The Pet Station


Some things in life are uniquely American.  I could word vomit a list of things typically seen in country music videos that would make you nod your head (either up and down or side to side, your choice) but I’ll stick to two.

America has over 75 million dogs in the country, more than double the runner-up Brazil, with only 35 million dogs.   America also has the highest car ownership per capita, with 910 vehicles per 1,000 people.  It’s safe to say we have a love affair with the open road and hair covered clothing.  And since this is a dog blog, I’m going to compare the rules of the road to dog training.  Buckle up and read on.

First, I am going to ask that you use your imagination and imagine that our country used a road system without speed limits.  All the speed demons are thinking “hell yeah!”  Now, imagine that there were suggested speed limits on each of the roads.  And in every vehicle was a device that measured your speed and location.  Every time you followed the speed limit for a certain amount of miles, you earned a credit for gas.  Essentially, if you spent the entire tank of gas following the suggested speed limit, you would earn enough credit to pay for the next tank.  Pretty sure we just heard a “hell yeah!” from the penny pinchers.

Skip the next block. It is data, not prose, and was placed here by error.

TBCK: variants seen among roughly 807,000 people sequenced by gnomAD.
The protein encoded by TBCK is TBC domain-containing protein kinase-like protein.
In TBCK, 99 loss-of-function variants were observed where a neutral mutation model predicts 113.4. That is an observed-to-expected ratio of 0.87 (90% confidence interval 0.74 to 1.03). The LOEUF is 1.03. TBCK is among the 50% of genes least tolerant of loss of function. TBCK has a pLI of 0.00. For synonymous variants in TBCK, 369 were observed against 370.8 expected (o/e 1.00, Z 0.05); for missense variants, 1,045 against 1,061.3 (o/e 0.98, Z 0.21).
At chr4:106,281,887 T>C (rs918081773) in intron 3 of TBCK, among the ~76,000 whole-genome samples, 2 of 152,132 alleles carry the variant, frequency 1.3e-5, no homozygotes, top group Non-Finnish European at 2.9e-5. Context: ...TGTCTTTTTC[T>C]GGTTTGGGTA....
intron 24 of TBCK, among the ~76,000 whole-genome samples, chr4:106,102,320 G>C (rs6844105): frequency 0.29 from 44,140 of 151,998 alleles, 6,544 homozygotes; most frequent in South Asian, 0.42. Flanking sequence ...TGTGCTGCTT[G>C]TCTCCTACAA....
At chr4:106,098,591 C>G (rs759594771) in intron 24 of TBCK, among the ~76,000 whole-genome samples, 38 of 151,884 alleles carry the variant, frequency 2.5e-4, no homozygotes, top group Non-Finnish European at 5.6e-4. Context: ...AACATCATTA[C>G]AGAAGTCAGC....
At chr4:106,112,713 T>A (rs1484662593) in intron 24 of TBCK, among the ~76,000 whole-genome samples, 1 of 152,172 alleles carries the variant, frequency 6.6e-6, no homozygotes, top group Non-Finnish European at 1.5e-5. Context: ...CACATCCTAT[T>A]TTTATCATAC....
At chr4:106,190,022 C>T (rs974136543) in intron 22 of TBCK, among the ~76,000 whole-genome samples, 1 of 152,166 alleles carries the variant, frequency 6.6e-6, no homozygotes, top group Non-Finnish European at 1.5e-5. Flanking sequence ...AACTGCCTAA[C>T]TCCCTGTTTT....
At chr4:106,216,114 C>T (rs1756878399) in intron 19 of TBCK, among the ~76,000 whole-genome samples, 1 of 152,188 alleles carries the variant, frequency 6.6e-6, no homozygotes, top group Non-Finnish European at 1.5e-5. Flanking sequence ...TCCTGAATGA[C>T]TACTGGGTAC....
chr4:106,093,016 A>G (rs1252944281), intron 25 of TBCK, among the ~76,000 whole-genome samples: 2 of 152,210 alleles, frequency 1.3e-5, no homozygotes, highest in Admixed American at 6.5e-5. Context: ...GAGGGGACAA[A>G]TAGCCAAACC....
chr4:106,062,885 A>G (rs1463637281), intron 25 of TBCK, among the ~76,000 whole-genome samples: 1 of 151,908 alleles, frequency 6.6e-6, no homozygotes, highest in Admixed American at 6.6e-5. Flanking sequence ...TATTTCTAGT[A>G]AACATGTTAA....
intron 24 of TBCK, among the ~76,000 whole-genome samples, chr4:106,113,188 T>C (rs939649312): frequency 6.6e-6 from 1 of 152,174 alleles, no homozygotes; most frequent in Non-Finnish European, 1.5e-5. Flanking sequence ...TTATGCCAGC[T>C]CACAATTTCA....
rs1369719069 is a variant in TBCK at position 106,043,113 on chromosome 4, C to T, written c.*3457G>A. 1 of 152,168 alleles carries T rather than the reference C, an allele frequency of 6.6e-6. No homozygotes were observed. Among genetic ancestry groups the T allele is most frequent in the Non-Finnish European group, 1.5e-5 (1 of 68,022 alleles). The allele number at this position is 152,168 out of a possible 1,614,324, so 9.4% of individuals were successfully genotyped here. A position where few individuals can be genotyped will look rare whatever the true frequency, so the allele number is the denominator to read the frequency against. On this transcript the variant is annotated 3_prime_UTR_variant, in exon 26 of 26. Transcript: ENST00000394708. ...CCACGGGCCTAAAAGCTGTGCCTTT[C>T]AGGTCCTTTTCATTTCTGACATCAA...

This sounds like a pretty good deal: follow the suggested rules and get rewarded for it.  Don’t follow the suggestions, and there is no consequence… you just don’t earn the reward.  I see everyone fitting into one of three categories.

The first group would have a small number of people who would disregard the suggested limits and opt for a great time going fast without fear.  They don’t need the credit; they have a fast car and want to use it that way.  Or they have a big bank account and a full tank of gas isn’t enough to dissuade their lead foot.

At the opposite end of the spectrum, a small group of people who would never go over the suggested speed limit.  I imagine my dad falling into this group.  My mother loves to tell the story of how dad melted the candles in the house because he was too cheap to turn up the A/C.  My dad (and folks like him) would see the value in never paying for gas in exchange for following the suggestions.

The largest group of us would likely fall in the middle of the road (pun intended), between the speed demons and the penny pinchers.  When we weren’t in a hurry, we would gladly take our time and earn our credits towards free gas.  But when we were running late for work or the kids soccer game, we would fly down the interstate without fear of blue lights pulling us over.

This alternate world of suggested speed limits is the real world reality for most dogs and the parents trying to train them.  The gas credit in the first scenario is the food reward in dog training.  And like the first scenario, I see all of our real dog/parent teams falling into one of three categories.